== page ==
Saturday, January 1, 2011

A Ticker-Tape Parade Down the Broadway of My Psyche

Decades ago, after I’d performed with my little rock group at the world-famous Whisky a-Go-Go, someone asked if I’d been a professional dancer, and my girlfriend related having heard a young woman in the audience observe to her friend, “All he’s got going for him is his looks.” On the last night of 2010, I was nearly that flattered again when my friend Janet asked me to make a lasagna for the intimate New Year’s Eve potluck dinner she and Nathan had resolved to host. It turned out that my lasagna was the main course, and two of my four fellow diners seemed to like it well enough to request a second portion. A glorious ending for an altogether glorious year!

In 2010, all I did was achieve sanity. After spending most of my adult life either nearly immobilized by despair or bracing myself for the next visit of what Winston Churchill called the Black Dog, I suddenly found a way to keep depression at bay. As I write this, it’s been about nine months since I was seriously despondent. I’ve never gone that long before. When my daughter got married a few weeks ago, I wasn’t even told about it, much less invited. I rebounded from the news — and from the realization that I probably won’t get to meet my grandchildren — in hours. You can’t keep a good man down, or me.

Or maybe I’m giving myself too much credit saying that I found a way. Maybe it’s the citalopram that deserves a ticker-tape parade down the Broadway of my psyche, or the kindness and wisdom of Ms. Rita Ovens, whom I consulted during the first half of the year at the local mental health center. Anyone and anything who feels entitled may take as much credit as she or he can carry! There’s plenty to go around.

I’d long imagined that being in emotional agony a lot of the time at least helped make me who I am as an artist. That turned out not to be the case. My sunny new disposition has made me no less brilliant, and no less driven. I achieved my goal of writing 300 little essays over the course of the year, over 200,000 words. My efforts didn’t make me the toast of multiple continents, or even of my neighborhood, but I’m fine nowadays thinking that my genius may be recognized only after my death, or not at all. A world in which, for instance, Mark Ruffalo keeps getting hired to act in movies and John Grisham keeps getting paid fortunes to write fiction obviously makes no sense whatever, and one can only drive himself crazy imagining otherwise. Hey now, hey now, Crowded House sang, don’t let them win, presumably referring to the forces that try to demoralize all of us. Words to live by!You do your damnedest, take pride in having done so, and let the rest take care of itself, or fail to take care of itself.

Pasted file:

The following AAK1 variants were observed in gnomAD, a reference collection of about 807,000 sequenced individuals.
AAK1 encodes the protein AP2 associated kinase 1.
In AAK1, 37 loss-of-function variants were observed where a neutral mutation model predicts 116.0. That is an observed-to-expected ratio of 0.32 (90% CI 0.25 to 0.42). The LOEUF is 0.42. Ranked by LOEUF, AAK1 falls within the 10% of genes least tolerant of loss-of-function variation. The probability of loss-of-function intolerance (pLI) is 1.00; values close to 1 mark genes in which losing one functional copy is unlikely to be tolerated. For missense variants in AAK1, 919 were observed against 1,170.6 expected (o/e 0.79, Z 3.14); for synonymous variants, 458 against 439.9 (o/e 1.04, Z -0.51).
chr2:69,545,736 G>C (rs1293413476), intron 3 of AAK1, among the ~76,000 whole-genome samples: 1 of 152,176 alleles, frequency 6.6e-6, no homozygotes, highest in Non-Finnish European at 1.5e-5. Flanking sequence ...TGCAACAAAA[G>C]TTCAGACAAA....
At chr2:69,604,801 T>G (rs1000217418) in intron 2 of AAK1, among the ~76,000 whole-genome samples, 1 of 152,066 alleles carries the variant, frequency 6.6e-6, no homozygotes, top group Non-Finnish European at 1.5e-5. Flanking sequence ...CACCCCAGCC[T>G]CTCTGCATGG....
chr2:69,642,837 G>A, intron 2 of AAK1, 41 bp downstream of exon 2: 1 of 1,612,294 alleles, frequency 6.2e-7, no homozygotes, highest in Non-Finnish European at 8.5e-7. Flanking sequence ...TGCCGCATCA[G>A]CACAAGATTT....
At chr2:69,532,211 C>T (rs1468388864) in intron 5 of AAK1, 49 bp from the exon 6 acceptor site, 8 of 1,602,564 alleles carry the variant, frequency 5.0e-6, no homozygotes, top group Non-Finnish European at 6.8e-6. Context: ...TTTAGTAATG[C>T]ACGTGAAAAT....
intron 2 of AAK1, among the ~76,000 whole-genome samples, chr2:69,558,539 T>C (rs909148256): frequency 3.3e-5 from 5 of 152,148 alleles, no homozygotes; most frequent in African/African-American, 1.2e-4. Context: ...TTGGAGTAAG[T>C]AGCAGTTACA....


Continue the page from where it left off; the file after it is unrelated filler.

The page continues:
My gal moved back to her own country in the spring, but my love for her only grew, and when we spent a couple of weeks together in the autumn, ‘twas blissful. It doesn't get better than being loved so much by one you love so much. I made a good new friend in 2010, and give myself a rowboat full of credit for having done so, as she, a fellow Census trainee, didn’t give me much encouragement in the early going. My friendship with Nathan and Janet got deeper and stronger. After 20 years and an excruciating false start, my best male friend of my adulthood and I managed finally to get back on track after 20 years’ dormancy.

I went to the gym 320 times over the year’s course. The unrelenting pain in the knee that was mangled when an inattentive teen driver ran me down in the middle of Beacon’s Main Street and my failing hearing and vision aside, I remained the picture of what Tom Wolfe has called rude animal health. Nathan thinks I look buff, Janet that I look lanky.

Everything’s coming up roses, my friends. May your 2011 be as happy as my 2010 has been, and all your Xmases white.


  1. No comments? Criminal. I keep reading through "I, Caramba" and it's a testament to your writing ability (or to my own bizarre sense of involvement) that I audibly gasped when I read that Brigitte had married and you weren't invited.

    Your depressive swings (and newfound lack thereof) remind me of Leonard Cohen, another world-class writer. His emotional pendulum is legendary: swinging between jubilation and agony much the same way I imagine yours does. And like yourself, in every recent interview I've seen, he seems more at peace with himself than he ever has. He doesn't need to talk about appetites and orgasms anymore. Similarly, it's a pleasure to read your insights without having to see them filtered through the painful sieve that so often accompanies alot of your writing (I mean that in the best way possible, believe it or not). Plus, you've achieved total enlightment (right?) something like 12 years sooner than Cohen has! That's definitely one to keep under your pillow.

    Thanks for being a great writer, and keep on steppin', brother.

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  3. Man, I just read your Led Zeppelin I review for Rolling Stone upon its release.

    You were a real idiot back then, and a racist.

    Sorry, you short-sighted smuck. I don't know you now as a person, just angry with the attitude of that person from the past.

    On another note, hope all is well and you've learned a bit or two :D

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